New Olympus Stylus 7010 and 7020 look for place under the sun
In yet another disturbing trend, just six months after the announcement of the Stylus 7000 at CES 2009, Olympus has announced two nearly identical replacement models. We find it extremely
idiotic disappointing to see waves of future e-waste that offers mostly cosmetic differences over its predecessors and it is completely unnecessary at such a short lifecycle.
With their weatherproofness gone, and the "Tough" series toughening up, the traditional Olympus Stylus cameras are having a hard time to distinguish themselves from the rest of the camera population, since they have to deal with the inherent disadvantage of xD. But that didn't scare away Olympus, who has announced two more of them, the generally available Olympus Stylus 7010 and the harder to find Stylus 7020.
We'll start with the 7020 since that's the one most people haven't heard of. It is more or less the same as the 7010, except it has a larger LCD display (3-inch) and HDMI-out. Not quite sure why there is a need for two separate models here. Just pick a screen-size and have the HDMI-port, it's not rocket science! If you are in the US market, wipe your tears away, this camera is not available! You can learn more about it via CNet Asia and PhotoScala.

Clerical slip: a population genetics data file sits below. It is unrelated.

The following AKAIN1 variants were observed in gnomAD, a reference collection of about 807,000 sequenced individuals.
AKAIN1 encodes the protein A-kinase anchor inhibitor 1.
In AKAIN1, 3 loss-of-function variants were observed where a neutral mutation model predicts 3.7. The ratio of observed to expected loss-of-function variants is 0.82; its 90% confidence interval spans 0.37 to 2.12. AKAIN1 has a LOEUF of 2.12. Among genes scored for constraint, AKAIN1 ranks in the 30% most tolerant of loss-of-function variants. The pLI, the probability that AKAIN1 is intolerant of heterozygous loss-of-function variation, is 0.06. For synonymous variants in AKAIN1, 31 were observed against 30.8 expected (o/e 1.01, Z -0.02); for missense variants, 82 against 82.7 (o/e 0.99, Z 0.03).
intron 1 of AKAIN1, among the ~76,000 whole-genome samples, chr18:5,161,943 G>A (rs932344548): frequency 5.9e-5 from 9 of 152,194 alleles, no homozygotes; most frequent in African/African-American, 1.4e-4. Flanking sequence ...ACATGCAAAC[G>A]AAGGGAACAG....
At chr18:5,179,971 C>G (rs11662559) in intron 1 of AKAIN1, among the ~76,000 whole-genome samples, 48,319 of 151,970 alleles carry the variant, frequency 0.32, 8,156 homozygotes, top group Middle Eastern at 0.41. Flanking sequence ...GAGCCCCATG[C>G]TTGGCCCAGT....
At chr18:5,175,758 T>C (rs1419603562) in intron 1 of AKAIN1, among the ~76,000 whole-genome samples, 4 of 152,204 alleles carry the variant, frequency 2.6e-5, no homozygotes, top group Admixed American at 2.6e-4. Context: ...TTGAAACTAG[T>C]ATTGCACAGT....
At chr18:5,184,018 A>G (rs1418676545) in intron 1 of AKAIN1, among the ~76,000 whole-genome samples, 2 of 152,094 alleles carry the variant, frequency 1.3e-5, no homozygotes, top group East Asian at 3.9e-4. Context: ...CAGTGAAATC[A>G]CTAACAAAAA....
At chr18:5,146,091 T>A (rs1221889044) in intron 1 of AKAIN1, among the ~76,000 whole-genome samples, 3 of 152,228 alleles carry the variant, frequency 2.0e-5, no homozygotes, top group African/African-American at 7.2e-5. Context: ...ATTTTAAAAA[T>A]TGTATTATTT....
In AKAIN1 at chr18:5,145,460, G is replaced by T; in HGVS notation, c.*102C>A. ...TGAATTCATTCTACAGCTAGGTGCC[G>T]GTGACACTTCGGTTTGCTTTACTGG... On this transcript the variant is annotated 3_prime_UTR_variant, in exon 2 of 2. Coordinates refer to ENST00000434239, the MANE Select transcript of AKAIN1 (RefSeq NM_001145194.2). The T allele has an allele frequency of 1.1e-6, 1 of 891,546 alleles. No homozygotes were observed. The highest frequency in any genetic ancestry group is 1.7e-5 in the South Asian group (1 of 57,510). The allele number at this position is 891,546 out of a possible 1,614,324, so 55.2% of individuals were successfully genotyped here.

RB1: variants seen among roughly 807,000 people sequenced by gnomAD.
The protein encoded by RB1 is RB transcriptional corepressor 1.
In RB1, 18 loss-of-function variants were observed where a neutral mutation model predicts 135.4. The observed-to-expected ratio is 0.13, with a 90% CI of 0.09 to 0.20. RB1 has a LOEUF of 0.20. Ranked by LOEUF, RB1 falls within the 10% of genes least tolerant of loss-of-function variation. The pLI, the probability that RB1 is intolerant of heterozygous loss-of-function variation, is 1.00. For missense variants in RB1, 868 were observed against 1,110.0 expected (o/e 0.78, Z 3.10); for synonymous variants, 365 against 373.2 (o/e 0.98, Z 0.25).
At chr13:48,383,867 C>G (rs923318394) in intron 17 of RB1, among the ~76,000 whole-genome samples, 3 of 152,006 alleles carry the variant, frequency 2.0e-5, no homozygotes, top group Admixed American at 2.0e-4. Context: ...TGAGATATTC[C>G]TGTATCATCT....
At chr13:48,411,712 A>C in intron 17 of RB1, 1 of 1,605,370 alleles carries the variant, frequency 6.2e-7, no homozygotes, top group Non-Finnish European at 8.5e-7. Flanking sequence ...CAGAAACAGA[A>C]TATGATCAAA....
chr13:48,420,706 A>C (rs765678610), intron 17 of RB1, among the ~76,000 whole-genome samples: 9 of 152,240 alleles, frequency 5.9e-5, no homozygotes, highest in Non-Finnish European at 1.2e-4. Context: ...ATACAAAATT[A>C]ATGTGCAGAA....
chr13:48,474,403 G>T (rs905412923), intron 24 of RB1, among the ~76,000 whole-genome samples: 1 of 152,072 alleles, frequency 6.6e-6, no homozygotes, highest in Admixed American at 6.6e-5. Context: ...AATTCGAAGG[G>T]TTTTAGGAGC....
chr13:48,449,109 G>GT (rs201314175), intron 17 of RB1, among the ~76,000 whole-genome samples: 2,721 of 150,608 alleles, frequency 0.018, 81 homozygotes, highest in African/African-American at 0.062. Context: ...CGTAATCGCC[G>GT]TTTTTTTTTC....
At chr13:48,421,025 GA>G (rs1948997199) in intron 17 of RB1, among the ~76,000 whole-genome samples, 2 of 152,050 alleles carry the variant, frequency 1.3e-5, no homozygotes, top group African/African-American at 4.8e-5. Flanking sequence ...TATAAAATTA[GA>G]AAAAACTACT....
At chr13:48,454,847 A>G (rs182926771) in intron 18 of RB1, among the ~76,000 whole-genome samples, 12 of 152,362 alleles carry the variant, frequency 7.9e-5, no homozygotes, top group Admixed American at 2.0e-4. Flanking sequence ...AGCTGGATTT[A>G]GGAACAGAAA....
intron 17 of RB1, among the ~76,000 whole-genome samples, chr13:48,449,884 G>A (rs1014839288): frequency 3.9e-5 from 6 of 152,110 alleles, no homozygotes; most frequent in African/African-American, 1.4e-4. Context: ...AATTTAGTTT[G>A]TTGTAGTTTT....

Olympus Stylus 7010
Following up on the Stylus 7000, which was announced at CES 2009, and continuing on this very disturbing six-month cycle, Olympus is now revealing the Stylus 7010.
Just like all the new Oly cameras from today, it uses the 12mp 1/2.33" sensor, whic is obviously overkill for most of the consumers looking at sub-$200 digital cameras. The lens is a 7X with sensor-shift image stabilization, but it's a good 7X as it starts at 28mm wide and goes almost up to 200mm (eq).
The 7010, with its 2.7" LCD undercuts the 7000 in price, it will start selling at $200 in your choice of three colors. The 7000 has a 3-inch display and currently goes for around $230.
One thing that will please regular Olympus buyers is that all these new cameras announced today are using the LI-42B battery, so if you are in a multiple-Olympus-camera household, you can mix and match batteries! The downside is that this battery rarely gets more than 200 CIPA shots, which is one of the trade-offs you make when you design smaller and stylish-type of cameras.